But what are we talking about when we discuss evaluation? I, like most of us was taught about Kirkpatrick's levels of evaluation. Don't know what that is? Click here to learn more.
Level 1 is the easiest evaluation type to capture in web based training as almost all authoring tools include some evaluation tool that is capable of such. Keep them short to maintain as much accuracy as possible. If this type of evaluation is too time consuming, learners may arbitrarily check off all the same grading for each question thereby nullifying the results.
Level 2 evaluations are also not overly difficult to create in most authoring tools. Usually they are achieved much the same as the level 1 evaluation except that a grade can be assigned to the results. Several things to keep in mind are:
- Be sure the evaluation addresses the learning objectives of the course. Don't just ask questions for the sake of asking questions
- If possible, use a randomize function to rearrange the order of the questions and the order in which the possible answers are displayed. this will make each version of your quiz different from the last
- Choose a small number of questions from a larger pool of questions. Again, creating a unique quiz each time the course is accessed
- Make all possible answers appear plausible so the correct answer isn't easily guessed
- Avoid True/False questions for the same reason as above
Now here is where things get tricky for evaluation of web based training. Level 3 can be one of the most costly types of evaluations for most organizations, especially those that have operations in multiple locations across the country.
Here is one suggestion. After a week or more has past, send an email to each student's supervisor. If your LMS can generate this automatically, all the better. Ask the supervisor to observe their employees for demonstration of the new skills in the work place. This assumes the supervisor has taken this training or is equally knowledgable about these new skills. Have the supervisor report back on the results. Once the data is collected you can compair results and determine if the training has had an effect on the behavior of those that have completed it. Hopefully the supervisors and the business as a whole are willing to buy in on this type of participation, otherwise you may have to perform this fieldwork yourself.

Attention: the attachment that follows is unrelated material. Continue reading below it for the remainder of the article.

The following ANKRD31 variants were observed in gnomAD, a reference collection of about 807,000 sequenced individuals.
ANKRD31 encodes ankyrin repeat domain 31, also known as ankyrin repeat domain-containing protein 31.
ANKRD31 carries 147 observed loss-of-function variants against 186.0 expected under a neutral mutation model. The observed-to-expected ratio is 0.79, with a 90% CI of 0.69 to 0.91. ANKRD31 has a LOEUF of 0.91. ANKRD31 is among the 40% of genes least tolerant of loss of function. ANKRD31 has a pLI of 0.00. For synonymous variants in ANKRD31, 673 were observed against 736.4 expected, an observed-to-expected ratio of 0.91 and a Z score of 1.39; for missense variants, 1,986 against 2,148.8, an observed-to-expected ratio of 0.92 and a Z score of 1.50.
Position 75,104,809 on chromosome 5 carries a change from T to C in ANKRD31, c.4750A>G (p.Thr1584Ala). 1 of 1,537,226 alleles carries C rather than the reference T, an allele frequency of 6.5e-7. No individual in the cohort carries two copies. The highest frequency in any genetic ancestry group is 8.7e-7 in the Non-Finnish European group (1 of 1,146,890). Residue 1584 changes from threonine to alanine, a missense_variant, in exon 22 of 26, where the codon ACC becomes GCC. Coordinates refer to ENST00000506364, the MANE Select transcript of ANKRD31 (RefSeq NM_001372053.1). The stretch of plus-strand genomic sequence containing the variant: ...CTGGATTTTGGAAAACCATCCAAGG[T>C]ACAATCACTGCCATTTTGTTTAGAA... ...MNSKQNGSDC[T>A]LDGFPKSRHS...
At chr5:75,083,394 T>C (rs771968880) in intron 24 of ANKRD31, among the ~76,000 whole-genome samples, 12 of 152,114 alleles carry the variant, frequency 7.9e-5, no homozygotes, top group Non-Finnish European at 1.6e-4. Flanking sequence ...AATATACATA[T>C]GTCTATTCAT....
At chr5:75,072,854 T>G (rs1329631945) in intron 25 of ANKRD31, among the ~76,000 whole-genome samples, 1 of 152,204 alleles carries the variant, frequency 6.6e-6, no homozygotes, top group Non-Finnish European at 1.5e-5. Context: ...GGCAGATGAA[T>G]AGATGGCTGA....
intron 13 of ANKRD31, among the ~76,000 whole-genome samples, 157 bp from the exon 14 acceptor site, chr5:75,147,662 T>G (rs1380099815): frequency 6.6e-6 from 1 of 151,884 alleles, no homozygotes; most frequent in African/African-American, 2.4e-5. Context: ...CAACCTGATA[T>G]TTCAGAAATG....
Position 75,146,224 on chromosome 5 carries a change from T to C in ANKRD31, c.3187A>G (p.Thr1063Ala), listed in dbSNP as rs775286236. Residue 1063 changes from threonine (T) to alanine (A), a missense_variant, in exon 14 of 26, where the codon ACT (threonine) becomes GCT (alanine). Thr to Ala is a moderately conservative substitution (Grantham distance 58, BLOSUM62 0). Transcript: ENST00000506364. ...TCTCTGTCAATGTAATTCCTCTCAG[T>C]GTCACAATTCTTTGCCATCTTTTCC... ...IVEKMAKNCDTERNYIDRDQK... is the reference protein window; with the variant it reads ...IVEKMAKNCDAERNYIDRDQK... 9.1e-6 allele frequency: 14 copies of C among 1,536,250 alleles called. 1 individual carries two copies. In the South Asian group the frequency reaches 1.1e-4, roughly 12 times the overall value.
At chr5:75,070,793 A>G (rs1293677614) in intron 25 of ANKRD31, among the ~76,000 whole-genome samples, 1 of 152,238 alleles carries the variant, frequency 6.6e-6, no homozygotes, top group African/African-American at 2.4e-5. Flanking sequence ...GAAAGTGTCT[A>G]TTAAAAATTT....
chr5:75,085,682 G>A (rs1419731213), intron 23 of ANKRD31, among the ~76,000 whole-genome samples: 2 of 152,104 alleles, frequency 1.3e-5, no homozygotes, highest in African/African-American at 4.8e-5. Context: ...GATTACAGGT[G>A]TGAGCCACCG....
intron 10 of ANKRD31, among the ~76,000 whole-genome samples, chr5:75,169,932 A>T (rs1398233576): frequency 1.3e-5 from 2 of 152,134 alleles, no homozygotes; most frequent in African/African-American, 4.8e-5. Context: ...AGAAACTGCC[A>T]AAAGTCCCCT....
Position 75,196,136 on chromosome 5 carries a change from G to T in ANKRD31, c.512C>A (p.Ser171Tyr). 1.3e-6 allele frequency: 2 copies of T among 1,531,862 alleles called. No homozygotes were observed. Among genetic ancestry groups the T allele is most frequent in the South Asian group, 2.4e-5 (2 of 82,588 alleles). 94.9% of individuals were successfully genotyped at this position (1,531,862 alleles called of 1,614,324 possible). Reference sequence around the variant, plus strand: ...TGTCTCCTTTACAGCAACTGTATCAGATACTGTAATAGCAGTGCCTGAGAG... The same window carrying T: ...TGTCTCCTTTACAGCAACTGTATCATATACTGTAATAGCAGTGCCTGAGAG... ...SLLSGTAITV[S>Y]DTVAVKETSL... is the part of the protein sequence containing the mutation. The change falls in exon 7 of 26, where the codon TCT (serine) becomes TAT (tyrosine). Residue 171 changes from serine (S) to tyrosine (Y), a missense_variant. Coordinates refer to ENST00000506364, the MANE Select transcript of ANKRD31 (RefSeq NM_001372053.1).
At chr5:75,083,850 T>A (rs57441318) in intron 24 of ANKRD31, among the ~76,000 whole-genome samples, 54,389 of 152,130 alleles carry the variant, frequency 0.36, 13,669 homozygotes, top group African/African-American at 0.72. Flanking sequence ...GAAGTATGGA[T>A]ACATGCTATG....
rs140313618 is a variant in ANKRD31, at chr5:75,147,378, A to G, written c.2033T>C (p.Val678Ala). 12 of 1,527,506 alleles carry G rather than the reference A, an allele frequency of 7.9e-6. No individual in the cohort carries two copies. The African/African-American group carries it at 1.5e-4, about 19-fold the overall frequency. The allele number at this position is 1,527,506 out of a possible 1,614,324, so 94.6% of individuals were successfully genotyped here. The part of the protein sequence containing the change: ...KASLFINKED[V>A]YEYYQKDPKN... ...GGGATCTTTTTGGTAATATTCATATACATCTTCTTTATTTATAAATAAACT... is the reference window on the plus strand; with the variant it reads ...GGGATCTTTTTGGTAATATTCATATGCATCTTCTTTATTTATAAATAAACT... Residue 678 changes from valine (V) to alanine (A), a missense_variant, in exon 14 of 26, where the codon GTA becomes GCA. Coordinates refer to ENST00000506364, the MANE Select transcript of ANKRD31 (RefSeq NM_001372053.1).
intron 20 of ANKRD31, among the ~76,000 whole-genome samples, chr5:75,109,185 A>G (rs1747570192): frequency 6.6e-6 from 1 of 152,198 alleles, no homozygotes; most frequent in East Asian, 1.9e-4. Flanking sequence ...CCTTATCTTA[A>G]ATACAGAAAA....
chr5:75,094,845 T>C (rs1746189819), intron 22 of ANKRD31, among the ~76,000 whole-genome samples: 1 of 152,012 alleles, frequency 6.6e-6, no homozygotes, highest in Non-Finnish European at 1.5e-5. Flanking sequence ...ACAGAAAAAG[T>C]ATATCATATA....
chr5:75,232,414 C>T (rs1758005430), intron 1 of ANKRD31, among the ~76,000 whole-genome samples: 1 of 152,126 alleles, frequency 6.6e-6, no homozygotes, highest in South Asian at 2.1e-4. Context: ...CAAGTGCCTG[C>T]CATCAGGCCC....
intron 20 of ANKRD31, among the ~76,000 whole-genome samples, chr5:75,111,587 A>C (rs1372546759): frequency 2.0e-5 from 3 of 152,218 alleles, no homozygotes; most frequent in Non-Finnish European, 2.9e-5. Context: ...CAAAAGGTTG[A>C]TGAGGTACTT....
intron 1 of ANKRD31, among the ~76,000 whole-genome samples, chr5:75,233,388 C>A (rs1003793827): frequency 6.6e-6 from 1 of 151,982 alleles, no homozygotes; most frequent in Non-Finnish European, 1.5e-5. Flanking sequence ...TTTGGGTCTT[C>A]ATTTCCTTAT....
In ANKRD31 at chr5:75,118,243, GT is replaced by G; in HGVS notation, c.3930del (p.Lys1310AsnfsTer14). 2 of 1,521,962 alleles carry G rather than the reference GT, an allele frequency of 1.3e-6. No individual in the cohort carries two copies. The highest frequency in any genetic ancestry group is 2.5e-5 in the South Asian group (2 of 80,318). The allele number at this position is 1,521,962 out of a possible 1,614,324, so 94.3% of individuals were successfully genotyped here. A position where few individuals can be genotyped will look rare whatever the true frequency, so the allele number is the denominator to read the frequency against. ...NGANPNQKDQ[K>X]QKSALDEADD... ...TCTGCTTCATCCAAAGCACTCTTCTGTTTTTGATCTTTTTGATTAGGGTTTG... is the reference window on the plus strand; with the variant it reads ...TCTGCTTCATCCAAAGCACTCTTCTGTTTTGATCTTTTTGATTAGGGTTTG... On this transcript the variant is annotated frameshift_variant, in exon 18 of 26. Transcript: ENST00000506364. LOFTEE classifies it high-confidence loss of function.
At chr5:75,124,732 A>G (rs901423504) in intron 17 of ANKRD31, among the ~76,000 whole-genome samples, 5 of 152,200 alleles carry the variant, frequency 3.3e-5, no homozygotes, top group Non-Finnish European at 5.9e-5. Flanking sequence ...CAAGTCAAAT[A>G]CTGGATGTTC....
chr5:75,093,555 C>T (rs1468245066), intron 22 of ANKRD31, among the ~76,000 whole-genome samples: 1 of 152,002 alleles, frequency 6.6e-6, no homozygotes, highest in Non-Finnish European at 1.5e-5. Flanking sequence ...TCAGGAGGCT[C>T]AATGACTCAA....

Level 4 does require a commitment to follow up on your part, however the organization is likely already generating reports on results that effect the business. Some examples of these reports are revenue, costs, number of workplace accidents, etc. Make sure that you drill down to a level that matches the objective of the training. This will ensure that some other area of the business isn't responsible for any changes and you can therefore show return on investment.
In both level 3 and 4 you may want to also capture this data when you are designing your training. This way you will have a base line to compare your later results with, but you will also learn where the performance gaps truly are.